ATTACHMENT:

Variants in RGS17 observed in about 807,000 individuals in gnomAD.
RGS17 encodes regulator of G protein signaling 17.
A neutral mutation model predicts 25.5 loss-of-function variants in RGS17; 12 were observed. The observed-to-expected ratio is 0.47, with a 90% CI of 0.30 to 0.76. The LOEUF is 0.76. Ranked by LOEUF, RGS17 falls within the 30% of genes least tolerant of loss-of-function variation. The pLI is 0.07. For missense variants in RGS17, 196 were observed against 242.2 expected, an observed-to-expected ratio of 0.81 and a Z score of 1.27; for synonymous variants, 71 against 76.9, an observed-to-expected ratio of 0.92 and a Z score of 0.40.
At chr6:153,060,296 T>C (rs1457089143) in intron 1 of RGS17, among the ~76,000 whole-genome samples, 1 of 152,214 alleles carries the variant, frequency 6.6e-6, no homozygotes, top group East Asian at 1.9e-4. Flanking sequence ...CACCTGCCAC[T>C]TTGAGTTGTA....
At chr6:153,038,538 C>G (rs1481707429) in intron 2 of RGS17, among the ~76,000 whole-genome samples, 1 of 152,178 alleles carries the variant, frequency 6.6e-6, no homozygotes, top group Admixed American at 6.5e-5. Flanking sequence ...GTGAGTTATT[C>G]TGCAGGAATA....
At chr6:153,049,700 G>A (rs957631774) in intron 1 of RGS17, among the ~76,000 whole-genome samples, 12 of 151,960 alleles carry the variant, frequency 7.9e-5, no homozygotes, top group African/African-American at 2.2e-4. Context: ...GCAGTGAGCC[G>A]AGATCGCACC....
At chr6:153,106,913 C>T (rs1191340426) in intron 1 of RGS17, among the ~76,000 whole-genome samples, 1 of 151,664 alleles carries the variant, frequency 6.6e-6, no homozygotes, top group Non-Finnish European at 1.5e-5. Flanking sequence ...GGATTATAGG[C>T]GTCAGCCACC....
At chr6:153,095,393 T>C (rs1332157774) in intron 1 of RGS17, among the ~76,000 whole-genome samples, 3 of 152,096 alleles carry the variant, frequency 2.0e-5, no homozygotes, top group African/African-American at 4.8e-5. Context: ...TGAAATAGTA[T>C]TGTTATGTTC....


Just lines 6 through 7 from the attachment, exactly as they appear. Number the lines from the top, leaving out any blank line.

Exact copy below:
At chr6:153,049,700 G>A (rs957631774) in intron 1 of RGS17, among the ~76,000 whole-genome samples, 12 of 151,960 alleles carry the variant, frequency 7.9e-5, no homozygotes, top group African/African-American at 2.2e-4. Context: ...GCAGTGAGCC[G>A]AGATCGCACC....
At chr6:153,106,913 C>T (rs1191340426) in intron 1 of RGS17, among the ~76,000 whole-genome samples, 1 of 151,664 alleles carries the variant, frequency 6.6e-6, no homozygotes, top group Non-Finnish European at 1.5e-5. Flanking sequence ...GGATTATAGG[C>T]GTCAGCCACC....